The funny news is this: this Sunday morning in Lagos, President Jonathan genuinely baffled us with the statement that, without the backup activity of prayer warriors, Nigeria’s security status would have been even more screwed up than it currently is. Now, we know that you, our readers, are prayer-addicts and good luck—no pun—with that! But when a democratically elected President makes such a statement on public safety, you have to—as they say in England—shine your eyes well-well. Although, on the bright side: at least you know the President has a security plan in place.
Now, reliance on prayer is not so shabby a security blueprint, (although we consider it totally ass-fucked), considering that it seems to work well enough for the Vatican. The problem is, while the Vatican has Angel Michael on speed dial, someone in the Ministry of Defense forgot to obtain VIP pass for final approval from God—or whatever witchery you have to perform to get your prayers working—for, no sooner had the President finished his statement than Boko Haram flipped him a finger and pulled another dick move—in what has to be the most astonishing case of conflicting reliance on divine instructions.
Now, of course, Boko Haram isn’t a new issue in the country. In fact, every well bred Nigerian—unlike us—knows that a situation stops being a “pressing issue” after three days of non-resolution by the government. And, after two weeks it stops being an issue altogether. And accordingly, the most successful public policy of Nigerian governments has been: “Hang on guys, let’s allow this one to blow off by itself.” And if the particular public official ranks high on the asshole scale—they may even pass it off as an unsolvable spiritual problem.
Common sense says Boko Haram isn’t going to blow off by itself, and an offering-load of prayers will not resurrect one dead victim. But this is Nigeria, and we love to screw around with vital situations, and that’s why the government is committed to investing prayer into public issues—and that’s why religious leaders have tried to re-brand the president as some Old Testament king.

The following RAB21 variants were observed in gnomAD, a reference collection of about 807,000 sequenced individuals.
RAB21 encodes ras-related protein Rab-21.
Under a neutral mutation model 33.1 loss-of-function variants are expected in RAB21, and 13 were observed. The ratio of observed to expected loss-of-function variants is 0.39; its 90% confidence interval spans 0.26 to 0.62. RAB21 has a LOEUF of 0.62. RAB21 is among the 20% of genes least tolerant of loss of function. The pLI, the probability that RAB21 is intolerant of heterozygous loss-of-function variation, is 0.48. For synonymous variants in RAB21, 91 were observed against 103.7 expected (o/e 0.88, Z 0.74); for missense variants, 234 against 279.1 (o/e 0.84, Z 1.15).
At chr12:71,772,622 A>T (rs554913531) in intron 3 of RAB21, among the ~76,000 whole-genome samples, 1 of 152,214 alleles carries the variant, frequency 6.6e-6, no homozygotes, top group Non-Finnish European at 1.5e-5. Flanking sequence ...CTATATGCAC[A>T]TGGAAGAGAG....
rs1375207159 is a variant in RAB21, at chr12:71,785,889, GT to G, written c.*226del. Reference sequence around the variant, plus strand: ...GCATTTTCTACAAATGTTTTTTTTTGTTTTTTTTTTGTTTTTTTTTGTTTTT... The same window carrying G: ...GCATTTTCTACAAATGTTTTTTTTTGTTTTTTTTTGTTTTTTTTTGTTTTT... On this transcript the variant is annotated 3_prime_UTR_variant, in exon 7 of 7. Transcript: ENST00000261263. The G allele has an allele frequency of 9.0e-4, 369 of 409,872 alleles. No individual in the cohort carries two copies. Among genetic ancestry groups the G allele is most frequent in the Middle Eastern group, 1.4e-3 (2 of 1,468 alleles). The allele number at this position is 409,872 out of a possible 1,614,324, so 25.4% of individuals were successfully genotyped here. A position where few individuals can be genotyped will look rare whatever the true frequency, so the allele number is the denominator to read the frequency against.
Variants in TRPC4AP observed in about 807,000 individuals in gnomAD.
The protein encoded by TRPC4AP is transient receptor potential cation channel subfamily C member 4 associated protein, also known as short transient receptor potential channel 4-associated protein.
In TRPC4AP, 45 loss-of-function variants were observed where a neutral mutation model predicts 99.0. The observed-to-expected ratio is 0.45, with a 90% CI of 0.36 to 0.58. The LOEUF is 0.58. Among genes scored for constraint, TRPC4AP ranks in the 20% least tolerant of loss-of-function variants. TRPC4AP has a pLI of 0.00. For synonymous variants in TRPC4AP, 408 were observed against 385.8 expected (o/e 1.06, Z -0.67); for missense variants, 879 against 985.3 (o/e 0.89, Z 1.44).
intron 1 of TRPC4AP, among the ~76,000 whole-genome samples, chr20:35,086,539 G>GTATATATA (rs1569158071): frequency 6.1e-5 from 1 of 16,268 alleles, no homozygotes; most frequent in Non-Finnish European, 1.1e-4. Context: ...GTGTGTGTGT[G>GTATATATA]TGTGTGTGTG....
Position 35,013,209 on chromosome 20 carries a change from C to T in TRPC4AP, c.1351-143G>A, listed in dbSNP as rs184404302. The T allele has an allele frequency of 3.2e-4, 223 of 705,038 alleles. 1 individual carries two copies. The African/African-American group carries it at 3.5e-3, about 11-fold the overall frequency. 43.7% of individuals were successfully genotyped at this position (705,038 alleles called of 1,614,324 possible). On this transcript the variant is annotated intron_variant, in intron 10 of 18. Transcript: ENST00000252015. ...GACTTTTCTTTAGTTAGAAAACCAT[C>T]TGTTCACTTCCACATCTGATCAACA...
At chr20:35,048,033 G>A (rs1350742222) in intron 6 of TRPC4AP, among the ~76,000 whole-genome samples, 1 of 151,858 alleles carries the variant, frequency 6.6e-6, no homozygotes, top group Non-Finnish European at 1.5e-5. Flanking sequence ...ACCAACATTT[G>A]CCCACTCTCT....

And as long as the Nigerian government continue to muddle personal spiritual issues with public policy issues they will continue to screw the job they are given. But, naturally, the government has always responded to social criticism by mistaking unhappiness with discontent: but Nigerians are not merely discontent with the half-assed attitude a government that relies on magic—miracles, if you wish—they are truly unhappy about it.
But GEJ is a sly dog. Instead of facing his critics on the continued Boko Haram insurgency, it is plain easier for him to file the problem away as a “God vs Satan” affair, and leave Oritsejafor and his book club members to sort it out. Afterall, no “sane” Nigerian really expects Goodluck Jonathan, Mortal, to do all the work when it comes to waging war against the damn Devil.
And when the majority of Nigerians are wired to think this way, then the government wins the lottery. And here’s the lesson for today: the Nigerian government counts on your approval to a spiritual argument. Even more, it counts on your inability to detect when your brain is being messed with. You see, GEJ isn’t just appreciative of your prayers, he’s also appreciative of your tendency to forget the underlying issues by the time you are done reading this line.
Here’s the good news: we’re bringing you an Idlemindset article. The bad news? We’re still assholes—and not the good type either. We’re the evil kind of asshole—the ones who just won’t give a fuck. Not even after you’ve set it up all oiled and ready to go, eventually driving you to mocking insanity for your inability to get that anal you’ve always fantasied about…. Wait. How did we get here?